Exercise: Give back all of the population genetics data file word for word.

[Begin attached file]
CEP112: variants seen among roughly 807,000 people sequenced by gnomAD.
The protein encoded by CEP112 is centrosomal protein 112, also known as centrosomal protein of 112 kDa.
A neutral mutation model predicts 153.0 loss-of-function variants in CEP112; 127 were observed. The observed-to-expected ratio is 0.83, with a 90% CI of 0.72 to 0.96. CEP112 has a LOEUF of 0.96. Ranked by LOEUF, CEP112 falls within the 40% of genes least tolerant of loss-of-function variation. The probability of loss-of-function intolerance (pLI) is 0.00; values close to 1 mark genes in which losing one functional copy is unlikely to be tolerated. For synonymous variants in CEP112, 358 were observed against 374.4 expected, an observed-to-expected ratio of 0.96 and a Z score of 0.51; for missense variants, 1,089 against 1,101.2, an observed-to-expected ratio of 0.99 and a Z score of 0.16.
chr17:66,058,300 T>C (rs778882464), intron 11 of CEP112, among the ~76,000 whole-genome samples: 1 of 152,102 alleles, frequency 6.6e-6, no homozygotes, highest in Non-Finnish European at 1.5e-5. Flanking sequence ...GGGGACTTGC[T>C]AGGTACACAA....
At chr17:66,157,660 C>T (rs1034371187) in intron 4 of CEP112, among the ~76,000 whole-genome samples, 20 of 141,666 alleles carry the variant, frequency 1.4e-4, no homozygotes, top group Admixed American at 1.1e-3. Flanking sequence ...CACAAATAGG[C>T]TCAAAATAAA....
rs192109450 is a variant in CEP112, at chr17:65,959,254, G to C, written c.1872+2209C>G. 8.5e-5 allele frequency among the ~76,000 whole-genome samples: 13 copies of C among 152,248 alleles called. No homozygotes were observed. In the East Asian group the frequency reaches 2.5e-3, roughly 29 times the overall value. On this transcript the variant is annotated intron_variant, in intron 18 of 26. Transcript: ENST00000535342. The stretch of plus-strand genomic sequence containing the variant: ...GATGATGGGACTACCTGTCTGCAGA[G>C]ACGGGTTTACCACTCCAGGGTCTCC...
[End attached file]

CEP112: variants seen among roughly 807,000 people sequenced by gnomAD.
The protein encoded by CEP112 is centrosomal protein 112, also known as centrosomal protein of 112 kDa.
A neutral mutation model predicts 153.0 loss-of-function variants in CEP112; 127 were observed. The observed-to-expected ratio is 0.83, with a 90% CI of 0.72 to 0.96. CEP112 has a LOEUF of 0.96. Ranked by LOEUF, CEP112 falls within the 40% of genes least tolerant of loss-of-function variation. The probability of loss-of-function intolerance (pLI) is 0.00; values close to 1 mark genes in which losing one functional copy is unlikely to be tolerated. For synonymous variants in CEP112, 358 were observed against 374.4 expected, an observed-to-expected ratio of 0.96 and a Z score of 0.51; for missense variants, 1,089 against 1,101.2, an observed-to-expected ratio of 0.99 and a Z score of 0.16.
chr17:66,058,300 T>C (rs778882464), intron 11 of CEP112, among the ~76,000 whole-genome samples: 1 of 152,102 alleles, frequency 6.6e-6, no homozygotes, highest in Non-Finnish European at 1.5e-5. Flanking sequence ...GGGGACTTGC[T>C]AGGTACACAA....
At chr17:66,157,660 C>T (rs1034371187) in intron 4 of CEP112, among the ~76,000 whole-genome samples, 20 of 141,666 alleles carry the variant, frequency 1.4e-4, no homozygotes, top group Admixed American at 1.1e-3. Flanking sequence ...CACAAATAGG[C>T]TCAAAATAAA....
rs192109450 is a variant in CEP112, at chr17:65,959,254, G to C, written c.1872+2209C>G. 8.5e-5 allele frequency among the ~76,000 whole-genome samples: 13 copies of C among 152,248 alleles called. No homozygotes were observed. In the East Asian group the frequency reaches 2.5e-3, roughly 29 times the overall value. On this transcript the variant is annotated intron_variant, in intron 18 of 26. Transcript: ENST00000535342. The stretch of plus-strand genomic sequence containing the variant: ...GATGATGGGACTACCTGTCTGCAGA[G>C]ACGGGTTTACCACTCCAGGGTCTCC...